On July 5, Ashley Bradley put out a call on her Instagram asking the Whitehorse community to donate their returnable recyclables.
Bradley is collecting cans, bottles and milk cartons to raise money for the Committee on Abuse in Residential Schools (CAIRS).
CAIRS was established in 1993 as a safe place for residential school survivors and their families to sit, talk, visit and work on arts and crafts together. It is a safe place for residential school survivors and their families.
Over the past couple of months of discoveries at residential schools, beginning with the discovery of the 215 children at the former Kamloops residential school, Bradley said it left her feeling pretty helpless.
After bringing in donations from her work to CAIRS, Bradley decided to do more.
“As I was at CAIRS, they were so lovely, and I realized it was not enough,” said Bradley. “They needed much more than that.
“I myself don’t have much money, so I thought how could I come up with money and get more people to give? I know people are giving lots right now but I thought, ‘Oh, recycling.’”
Bradley was also inspired to raise funds for CAIRS based on her own life experiences.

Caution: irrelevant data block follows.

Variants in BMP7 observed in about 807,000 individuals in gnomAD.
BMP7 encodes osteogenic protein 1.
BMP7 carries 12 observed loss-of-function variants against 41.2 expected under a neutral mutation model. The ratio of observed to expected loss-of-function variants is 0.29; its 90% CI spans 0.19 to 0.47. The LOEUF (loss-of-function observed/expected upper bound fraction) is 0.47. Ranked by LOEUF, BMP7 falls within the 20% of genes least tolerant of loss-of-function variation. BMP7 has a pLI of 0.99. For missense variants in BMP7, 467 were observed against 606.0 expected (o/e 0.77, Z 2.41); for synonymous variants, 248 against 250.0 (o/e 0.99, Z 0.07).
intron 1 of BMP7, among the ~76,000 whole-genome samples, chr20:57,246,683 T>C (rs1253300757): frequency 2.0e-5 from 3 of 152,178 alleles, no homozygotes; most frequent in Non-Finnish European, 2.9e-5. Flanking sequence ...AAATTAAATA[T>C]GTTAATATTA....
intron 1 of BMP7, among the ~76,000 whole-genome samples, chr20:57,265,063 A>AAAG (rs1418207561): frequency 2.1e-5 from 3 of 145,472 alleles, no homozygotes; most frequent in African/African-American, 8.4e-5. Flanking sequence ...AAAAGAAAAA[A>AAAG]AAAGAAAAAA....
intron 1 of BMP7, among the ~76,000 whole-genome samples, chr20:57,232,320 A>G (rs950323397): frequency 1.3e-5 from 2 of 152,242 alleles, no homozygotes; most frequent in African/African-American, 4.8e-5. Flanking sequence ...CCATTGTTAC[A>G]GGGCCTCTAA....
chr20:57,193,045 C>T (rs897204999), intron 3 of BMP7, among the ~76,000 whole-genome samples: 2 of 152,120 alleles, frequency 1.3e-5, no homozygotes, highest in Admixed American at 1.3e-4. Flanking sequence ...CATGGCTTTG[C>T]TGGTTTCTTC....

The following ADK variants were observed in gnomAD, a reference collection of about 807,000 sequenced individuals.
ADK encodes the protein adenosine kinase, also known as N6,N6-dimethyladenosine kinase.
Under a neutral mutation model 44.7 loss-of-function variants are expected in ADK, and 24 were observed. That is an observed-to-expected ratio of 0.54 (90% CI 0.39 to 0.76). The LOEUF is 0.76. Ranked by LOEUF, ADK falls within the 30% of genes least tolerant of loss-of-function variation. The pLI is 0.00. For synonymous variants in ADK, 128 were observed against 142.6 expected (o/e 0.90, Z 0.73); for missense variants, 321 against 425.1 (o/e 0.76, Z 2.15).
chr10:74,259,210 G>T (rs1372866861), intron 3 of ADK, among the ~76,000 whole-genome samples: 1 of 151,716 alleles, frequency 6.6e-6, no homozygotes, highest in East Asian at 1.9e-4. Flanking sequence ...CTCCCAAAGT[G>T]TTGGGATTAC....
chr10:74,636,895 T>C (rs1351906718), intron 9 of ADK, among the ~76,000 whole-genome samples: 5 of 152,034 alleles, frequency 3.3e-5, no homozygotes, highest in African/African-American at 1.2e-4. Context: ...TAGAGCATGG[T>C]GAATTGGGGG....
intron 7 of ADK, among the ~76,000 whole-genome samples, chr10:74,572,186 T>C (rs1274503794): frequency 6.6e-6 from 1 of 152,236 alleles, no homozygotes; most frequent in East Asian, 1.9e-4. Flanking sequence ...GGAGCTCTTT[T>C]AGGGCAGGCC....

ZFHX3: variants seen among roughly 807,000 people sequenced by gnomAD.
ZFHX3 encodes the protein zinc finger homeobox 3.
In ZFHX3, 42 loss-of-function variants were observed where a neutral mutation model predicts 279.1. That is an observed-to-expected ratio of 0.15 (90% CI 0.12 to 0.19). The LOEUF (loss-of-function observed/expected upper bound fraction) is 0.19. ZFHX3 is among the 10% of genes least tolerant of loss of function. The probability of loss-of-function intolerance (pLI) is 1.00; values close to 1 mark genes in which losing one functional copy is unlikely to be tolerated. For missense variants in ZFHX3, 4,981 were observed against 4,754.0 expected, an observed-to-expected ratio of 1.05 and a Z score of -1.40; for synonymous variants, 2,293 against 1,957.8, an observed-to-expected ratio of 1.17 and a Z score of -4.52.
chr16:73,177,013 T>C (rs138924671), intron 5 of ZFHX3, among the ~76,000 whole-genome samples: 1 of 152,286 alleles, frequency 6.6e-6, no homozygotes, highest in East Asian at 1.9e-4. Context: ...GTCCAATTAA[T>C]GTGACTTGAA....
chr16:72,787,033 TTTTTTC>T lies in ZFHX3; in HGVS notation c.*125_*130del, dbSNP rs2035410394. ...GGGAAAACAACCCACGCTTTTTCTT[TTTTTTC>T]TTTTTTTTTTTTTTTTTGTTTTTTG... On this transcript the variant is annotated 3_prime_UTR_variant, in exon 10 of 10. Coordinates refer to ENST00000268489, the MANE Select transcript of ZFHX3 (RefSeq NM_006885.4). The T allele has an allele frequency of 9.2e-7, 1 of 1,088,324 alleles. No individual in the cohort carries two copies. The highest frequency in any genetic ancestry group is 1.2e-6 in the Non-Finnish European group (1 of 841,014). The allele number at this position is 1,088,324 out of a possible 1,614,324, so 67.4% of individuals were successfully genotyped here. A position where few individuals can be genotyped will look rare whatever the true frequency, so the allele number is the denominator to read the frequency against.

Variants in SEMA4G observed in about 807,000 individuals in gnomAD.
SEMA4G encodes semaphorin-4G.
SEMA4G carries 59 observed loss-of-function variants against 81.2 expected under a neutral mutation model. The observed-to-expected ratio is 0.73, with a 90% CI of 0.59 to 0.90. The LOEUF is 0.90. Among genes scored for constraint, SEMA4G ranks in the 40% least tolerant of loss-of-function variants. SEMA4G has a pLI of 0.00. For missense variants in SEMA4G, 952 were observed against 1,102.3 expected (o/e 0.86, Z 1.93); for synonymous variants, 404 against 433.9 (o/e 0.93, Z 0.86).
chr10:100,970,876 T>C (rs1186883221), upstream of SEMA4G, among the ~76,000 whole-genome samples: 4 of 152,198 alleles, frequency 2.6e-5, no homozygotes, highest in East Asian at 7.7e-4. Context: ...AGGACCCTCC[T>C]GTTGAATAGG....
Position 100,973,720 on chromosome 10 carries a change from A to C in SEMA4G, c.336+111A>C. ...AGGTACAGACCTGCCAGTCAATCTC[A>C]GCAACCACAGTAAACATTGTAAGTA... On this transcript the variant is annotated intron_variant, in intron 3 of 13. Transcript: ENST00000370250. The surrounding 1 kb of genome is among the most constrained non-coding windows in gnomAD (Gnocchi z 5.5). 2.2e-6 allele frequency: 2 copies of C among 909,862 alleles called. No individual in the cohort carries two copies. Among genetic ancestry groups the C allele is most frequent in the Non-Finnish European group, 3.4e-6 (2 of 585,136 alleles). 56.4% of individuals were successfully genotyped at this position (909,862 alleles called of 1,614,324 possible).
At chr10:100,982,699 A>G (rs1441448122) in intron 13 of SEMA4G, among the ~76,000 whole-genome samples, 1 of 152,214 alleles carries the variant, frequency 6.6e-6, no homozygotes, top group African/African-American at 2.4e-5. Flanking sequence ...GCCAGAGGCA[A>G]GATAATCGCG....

“I myself have had trauma in the past and it’s taken a long time,” said Bradley. “One thing I realized which I didn’t before was the cost of help. The cost of decent counselling is very expensive.
“Even if I can raise enough for one person to have that kind of help that’d be huge.”
Bradley said you can contact her through Facebook or Instagram and she will happily pick up the recyclables for you.
“Anyone that doesn’t want to go stand in line or doesn’t have a car I’m happy to do that hard work and bring in the donations.”
Raven Recycling and Zero Waste Yukon have also set up a donation account for CAIRS at its bottle depot. Members of the community are encouraged to donate their bottle deposits to this account.
This is where Bradley will be bringing the cans.
Bottles, cans and other returnable containers less than 750 millilitres get a five-cent refund, so to milk and milk substitute containers. Containers 750 ml or larger get a 25-cent refund.
“Sometimes people might be hesitant to donate for many reasons or don’t have enough to donate,” said Bradley. “But, a bag of cans here, a box of bottles there that adds up to quite a bit.”
Bradley said she’s going to approach locals bars and restaurants to see if they’d like to donate as well.
“Maybe they do one night where they can donate,” said Bradley. “It will add up.”
It’s a small thing she’s doing, said Bradley, but it’s the little acts that create something larger.
“Our federal government needs to do the bigger things but we can do the little things and create a stronger, healthier community from that,” said Bradley.
Bradley only recently started collecting cans, but said she will go as long as she can.
“I guess I’ll see how many people are interested,” said Bradley. “I have all the time in the world really. Maybe the next couple of months we’ll see what people do, what people think.”
Contact John Tonin at email@example.com